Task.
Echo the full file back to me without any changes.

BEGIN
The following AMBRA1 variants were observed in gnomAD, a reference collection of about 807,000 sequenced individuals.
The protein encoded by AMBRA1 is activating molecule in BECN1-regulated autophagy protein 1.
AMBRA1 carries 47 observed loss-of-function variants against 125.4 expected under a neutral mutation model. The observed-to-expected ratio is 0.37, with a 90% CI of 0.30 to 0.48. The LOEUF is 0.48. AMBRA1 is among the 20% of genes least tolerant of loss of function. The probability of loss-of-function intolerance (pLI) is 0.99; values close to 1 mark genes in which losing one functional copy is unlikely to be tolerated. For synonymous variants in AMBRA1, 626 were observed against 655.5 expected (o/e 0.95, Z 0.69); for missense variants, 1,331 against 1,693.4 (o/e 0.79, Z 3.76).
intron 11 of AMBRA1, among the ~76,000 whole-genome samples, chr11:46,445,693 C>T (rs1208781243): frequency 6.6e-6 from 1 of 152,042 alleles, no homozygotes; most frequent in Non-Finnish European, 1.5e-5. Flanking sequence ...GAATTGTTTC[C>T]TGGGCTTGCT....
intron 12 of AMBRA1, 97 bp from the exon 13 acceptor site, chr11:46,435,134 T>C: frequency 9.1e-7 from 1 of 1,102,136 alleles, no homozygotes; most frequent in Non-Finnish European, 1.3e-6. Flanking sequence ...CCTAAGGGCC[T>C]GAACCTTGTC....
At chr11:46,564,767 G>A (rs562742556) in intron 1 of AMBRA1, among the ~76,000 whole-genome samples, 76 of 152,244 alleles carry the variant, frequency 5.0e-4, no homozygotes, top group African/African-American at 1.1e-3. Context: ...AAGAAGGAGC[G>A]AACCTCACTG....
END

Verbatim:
The following AMBRA1 variants were observed in gnomAD, a reference collection of about 807,000 sequenced individuals.
The protein encoded by AMBRA1 is activating molecule in BECN1-regulated autophagy protein 1.
AMBRA1 carries 47 observed loss-of-function variants against 125.4 expected under a neutral mutation model. The observed-to-expected ratio is 0.37, with a 90% CI of 0.30 to 0.48. The LOEUF is 0.48. AMBRA1 is among the 20% of genes least tolerant of loss of function. The probability of loss-of-function intolerance (pLI) is 0.99; values close to 1 mark genes in which losing one functional copy is unlikely to be tolerated. For synonymous variants in AMBRA1, 626 were observed against 655.5 expected (o/e 0.95, Z 0.69); for missense variants, 1,331 against 1,693.4 (o/e 0.79, Z 3.76).
intron 11 of AMBRA1, among the ~76,000 whole-genome samples, chr11:46,445,693 C>T (rs1208781243): frequency 6.6e-6 from 1 of 152,042 alleles, no homozygotes; most frequent in Non-Finnish European, 1.5e-5. Flanking sequence ...GAATTGTTTC[C>T]TGGGCTTGCT....
intron 12 of AMBRA1, 97 bp from the exon 13 acceptor site, chr11:46,435,134 T>C: frequency 9.1e-7 from 1 of 1,102,136 alleles, no homozygotes; most frequent in Non-Finnish European, 1.3e-6. Flanking sequence ...CCTAAGGGCC[T>C]GAACCTTGTC....
At chr11:46,564,767 G>A (rs562742556) in intron 1 of AMBRA1, among the ~76,000 whole-genome samples, 76 of 152,244 alleles carry the variant, frequency 5.0e-4, no homozygotes, top group African/African-American at 1.1e-3. Context: ...AAGAAGGAGC[G>A]AACCTCACTG....